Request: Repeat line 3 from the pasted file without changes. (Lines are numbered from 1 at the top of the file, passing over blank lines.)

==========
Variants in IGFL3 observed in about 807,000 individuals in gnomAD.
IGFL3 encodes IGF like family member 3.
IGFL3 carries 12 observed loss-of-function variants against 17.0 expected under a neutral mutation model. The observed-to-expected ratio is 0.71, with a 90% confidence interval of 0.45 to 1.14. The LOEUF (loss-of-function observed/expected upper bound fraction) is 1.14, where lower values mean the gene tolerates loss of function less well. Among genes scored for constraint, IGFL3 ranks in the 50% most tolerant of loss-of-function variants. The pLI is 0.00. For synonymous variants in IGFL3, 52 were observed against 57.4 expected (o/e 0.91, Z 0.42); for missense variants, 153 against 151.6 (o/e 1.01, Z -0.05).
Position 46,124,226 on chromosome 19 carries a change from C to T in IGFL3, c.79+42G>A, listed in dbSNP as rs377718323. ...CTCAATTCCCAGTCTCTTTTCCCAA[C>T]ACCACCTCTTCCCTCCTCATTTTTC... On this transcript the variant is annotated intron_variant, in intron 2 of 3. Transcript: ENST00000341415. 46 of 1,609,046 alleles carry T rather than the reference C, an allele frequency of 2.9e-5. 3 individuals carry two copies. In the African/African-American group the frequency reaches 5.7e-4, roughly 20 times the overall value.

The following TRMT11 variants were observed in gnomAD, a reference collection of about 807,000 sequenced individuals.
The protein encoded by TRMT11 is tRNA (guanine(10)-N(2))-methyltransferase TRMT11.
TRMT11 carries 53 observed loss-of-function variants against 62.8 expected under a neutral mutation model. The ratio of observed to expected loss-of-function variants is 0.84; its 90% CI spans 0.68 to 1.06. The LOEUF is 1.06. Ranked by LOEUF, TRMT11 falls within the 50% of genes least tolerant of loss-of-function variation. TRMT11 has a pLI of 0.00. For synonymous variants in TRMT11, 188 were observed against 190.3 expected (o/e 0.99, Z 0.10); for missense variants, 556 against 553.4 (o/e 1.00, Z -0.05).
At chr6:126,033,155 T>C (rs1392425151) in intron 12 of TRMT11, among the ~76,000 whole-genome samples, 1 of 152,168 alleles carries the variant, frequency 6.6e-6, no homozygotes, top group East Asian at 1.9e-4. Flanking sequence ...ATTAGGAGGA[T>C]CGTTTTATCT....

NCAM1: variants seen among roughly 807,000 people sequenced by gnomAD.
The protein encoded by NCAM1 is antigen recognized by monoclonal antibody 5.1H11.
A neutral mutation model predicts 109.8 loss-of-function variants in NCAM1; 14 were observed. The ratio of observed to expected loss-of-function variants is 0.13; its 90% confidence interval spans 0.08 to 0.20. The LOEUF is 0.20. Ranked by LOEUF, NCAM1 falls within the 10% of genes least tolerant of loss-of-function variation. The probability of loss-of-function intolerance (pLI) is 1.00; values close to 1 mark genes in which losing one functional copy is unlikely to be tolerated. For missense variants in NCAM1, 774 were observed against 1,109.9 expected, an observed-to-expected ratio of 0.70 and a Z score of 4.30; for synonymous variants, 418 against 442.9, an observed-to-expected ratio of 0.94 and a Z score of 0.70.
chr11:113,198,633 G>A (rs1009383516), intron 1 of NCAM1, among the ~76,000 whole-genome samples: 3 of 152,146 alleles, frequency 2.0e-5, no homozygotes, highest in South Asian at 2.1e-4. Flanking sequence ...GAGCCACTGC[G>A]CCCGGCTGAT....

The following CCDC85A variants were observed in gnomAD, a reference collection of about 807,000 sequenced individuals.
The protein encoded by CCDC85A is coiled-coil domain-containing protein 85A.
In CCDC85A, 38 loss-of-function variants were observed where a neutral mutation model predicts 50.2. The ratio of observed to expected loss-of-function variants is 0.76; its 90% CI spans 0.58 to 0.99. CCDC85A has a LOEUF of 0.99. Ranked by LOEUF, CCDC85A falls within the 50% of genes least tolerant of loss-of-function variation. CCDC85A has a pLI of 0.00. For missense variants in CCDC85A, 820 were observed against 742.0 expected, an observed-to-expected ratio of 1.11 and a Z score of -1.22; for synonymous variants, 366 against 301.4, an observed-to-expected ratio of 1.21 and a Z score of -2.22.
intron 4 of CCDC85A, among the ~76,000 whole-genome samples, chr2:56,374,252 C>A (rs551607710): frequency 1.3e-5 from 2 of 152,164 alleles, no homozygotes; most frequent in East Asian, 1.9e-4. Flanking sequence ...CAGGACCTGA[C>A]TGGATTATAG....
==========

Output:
IGFL3 carries 12 observed loss-of-function variants against 17.0 expected under a neutral mutation model. The observed-to-expected ratio is 0.71, with a 90% confidence interval of 0.45 to 1.14. The LOEUF (loss-of-function observed/expected upper bound fraction) is 1.14, where lower values mean the gene tolerates loss of function less well. Among genes scored for constraint, IGFL3 ranks in the 50% most tolerant of loss-of-function variants. The pLI is 0.00. For synonymous variants in IGFL3, 52 were observed against 57.4 expected (o/e 0.91, Z 0.42); for missense variants, 153 against 151.6 (o/e 1.01, Z -0.05).